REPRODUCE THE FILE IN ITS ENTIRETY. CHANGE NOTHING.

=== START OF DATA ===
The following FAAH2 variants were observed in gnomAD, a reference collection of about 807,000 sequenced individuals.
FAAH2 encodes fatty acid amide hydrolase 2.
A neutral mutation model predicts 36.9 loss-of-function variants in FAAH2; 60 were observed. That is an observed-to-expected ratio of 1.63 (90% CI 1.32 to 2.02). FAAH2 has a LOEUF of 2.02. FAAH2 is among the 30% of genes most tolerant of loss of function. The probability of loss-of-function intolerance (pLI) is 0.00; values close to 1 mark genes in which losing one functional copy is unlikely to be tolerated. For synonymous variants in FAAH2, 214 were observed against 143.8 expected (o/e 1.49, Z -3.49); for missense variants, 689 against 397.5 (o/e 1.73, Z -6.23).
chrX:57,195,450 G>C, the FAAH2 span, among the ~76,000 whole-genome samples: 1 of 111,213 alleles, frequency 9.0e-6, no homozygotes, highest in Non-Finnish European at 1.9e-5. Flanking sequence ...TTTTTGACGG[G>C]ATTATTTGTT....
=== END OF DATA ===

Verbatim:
The following FAAH2 variants were observed in gnomAD, a reference collection of about 807,000 sequenced individuals.
FAAH2 encodes fatty acid amide hydrolase 2.
A neutral mutation model predicts 36.9 loss-of-function variants in FAAH2; 60 were observed. That is an observed-to-expected ratio of 1.63 (90% CI 1.32 to 2.02). FAAH2 has a LOEUF of 2.02. FAAH2 is among the 30% of genes most tolerant of loss of function. The probability of loss-of-function intolerance (pLI) is 0.00; values close to 1 mark genes in which losing one functional copy is unlikely to be tolerated. For synonymous variants in FAAH2, 214 were observed against 143.8 expected (o/e 1.49, Z -3.49); for missense variants, 689 against 397.5 (o/e 1.73, Z -6.23).
chrX:57,195,450 G>C, the FAAH2 span, among the ~76,000 whole-genome samples: 1 of 111,213 alleles, frequency 9.0e-6, no homozygotes, highest in Non-Finnish European at 1.9e-5. Flanking sequence ...TTTTTGACGG[G>C]ATTATTTGTT....